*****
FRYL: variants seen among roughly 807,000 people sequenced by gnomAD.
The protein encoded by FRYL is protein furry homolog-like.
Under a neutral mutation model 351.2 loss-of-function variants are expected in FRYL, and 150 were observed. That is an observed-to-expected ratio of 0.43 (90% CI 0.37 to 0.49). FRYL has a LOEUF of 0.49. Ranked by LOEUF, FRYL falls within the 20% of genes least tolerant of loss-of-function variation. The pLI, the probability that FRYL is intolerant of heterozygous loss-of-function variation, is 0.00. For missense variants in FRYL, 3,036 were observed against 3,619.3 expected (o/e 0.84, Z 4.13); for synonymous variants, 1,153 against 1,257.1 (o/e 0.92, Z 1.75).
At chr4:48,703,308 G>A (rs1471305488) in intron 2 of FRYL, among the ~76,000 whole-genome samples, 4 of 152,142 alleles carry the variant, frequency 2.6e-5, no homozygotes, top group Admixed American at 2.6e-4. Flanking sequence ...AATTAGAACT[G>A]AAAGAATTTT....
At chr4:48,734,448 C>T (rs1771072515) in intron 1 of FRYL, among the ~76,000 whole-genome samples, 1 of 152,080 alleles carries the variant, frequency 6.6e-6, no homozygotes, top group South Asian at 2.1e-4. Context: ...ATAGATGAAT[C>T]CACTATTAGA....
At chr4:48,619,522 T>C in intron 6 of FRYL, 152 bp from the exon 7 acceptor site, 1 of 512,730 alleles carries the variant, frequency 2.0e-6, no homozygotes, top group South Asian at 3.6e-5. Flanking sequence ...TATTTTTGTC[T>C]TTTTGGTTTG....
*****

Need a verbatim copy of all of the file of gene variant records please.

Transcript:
FRYL: variants seen among roughly 807,000 people sequenced by gnomAD.
The protein encoded by FRYL is protein furry homolog-like.
Under a neutral mutation model 351.2 loss-of-function variants are expected in FRYL, and 150 were observed. That is an observed-to-expected ratio of 0.43 (90% CI 0.37 to 0.49). FRYL has a LOEUF of 0.49. Ranked by LOEUF, FRYL falls within the 20% of genes least tolerant of loss-of-function variation. The pLI, the probability that FRYL is intolerant of heterozygous loss-of-function variation, is 0.00. For missense variants in FRYL, 3,036 were observed against 3,619.3 expected (o/e 0.84, Z 4.13); for synonymous variants, 1,153 against 1,257.1 (o/e 0.92, Z 1.75).
At chr4:48,703,308 G>A (rs1471305488) in intron 2 of FRYL, among the ~76,000 whole-genome samples, 4 of 152,142 alleles carry the variant, frequency 2.6e-5, no homozygotes, top group Admixed American at 2.6e-4. Flanking sequence ...AATTAGAACT[G>A]AAAGAATTTT....
At chr4:48,734,448 C>T (rs1771072515) in intron 1 of FRYL, among the ~76,000 whole-genome samples, 1 of 152,080 alleles carries the variant, frequency 6.6e-6, no homozygotes, top group South Asian at 2.1e-4. Context: ...ATAGATGAAT[C>T]CACTATTAGA....
At chr4:48,619,522 T>C in intron 6 of FRYL, 152 bp from the exon 7 acceptor site, 1 of 512,730 alleles carries the variant, frequency 2.0e-6, no homozygotes, top group South Asian at 3.6e-5. Flanking sequence ...TATTTTTGTC[T>C]TTTTGGTTTG....